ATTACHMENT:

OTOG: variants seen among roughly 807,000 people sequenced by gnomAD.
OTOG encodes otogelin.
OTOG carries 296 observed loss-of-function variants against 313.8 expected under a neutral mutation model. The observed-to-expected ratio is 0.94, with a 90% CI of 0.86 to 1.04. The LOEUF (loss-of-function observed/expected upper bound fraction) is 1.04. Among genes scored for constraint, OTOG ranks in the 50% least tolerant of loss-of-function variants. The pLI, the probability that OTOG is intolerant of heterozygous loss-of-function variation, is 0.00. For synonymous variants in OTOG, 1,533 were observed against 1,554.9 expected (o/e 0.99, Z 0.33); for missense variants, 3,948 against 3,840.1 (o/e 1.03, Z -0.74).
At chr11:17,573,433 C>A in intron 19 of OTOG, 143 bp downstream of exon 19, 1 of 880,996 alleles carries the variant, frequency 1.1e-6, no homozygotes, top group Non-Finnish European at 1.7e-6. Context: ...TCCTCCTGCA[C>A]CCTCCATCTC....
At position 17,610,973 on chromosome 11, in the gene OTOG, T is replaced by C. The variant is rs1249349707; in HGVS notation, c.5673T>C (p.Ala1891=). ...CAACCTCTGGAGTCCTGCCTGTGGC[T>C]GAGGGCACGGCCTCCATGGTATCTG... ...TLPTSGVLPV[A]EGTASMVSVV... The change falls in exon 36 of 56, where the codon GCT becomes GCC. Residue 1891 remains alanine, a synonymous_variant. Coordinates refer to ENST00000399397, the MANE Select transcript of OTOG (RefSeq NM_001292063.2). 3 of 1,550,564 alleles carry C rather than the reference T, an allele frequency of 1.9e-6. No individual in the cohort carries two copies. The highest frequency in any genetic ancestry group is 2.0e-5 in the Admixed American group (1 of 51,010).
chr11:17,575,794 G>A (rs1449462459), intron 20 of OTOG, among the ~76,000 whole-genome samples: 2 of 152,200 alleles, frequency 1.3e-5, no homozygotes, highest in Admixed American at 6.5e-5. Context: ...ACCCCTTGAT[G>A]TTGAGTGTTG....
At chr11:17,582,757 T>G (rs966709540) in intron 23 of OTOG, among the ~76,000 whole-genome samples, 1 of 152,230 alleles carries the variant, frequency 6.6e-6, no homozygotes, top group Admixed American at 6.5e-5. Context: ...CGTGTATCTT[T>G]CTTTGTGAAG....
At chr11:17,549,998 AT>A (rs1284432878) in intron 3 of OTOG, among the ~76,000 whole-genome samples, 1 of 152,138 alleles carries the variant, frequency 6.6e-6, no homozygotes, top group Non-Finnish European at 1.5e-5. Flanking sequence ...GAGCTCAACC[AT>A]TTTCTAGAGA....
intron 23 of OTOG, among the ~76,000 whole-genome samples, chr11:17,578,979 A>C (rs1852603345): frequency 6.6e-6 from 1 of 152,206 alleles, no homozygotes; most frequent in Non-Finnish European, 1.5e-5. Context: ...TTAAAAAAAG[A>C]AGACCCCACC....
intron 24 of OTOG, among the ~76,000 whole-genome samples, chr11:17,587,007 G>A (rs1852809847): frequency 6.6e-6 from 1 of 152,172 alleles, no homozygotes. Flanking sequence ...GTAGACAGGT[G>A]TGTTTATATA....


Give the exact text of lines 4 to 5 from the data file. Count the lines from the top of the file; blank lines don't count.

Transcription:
At chr11:17,573,433 C>A in intron 19 of OTOG, 143 bp downstream of exon 19, 1 of 880,996 alleles carries the variant, frequency 1.1e-6, no homozygotes, top group Non-Finnish European at 1.7e-6. Context: ...TCCTCCTGCA[C>A]CCTCCATCTC....
At position 17,610,973 on chromosome 11, in the gene OTOG, T is replaced by C. The variant is rs1249349707; in HGVS notation, c.5673T>C (p.Ala1891=). ...CAACCTCTGGAGTCCTGCCTGTGGC[T>C]GAGGGCACGGCCTCCATGGTATCTG... ...TLPTSGVLPV[A]EGTASMVSVV... The change falls in exon 36 of 56, where the codon GCT becomes GCC. Residue 1891 remains alanine, a synonymous_variant. Coordinates refer to ENST00000399397, the MANE Select transcript of OTOG (RefSeq NM_001292063.2). 3 of 1,550,564 alleles carry C rather than the reference T, an allele frequency of 1.9e-6. No individual in the cohort carries two copies. The highest frequency in any genetic ancestry group is 2.0e-5 in the Admixed American group (1 of 51,010).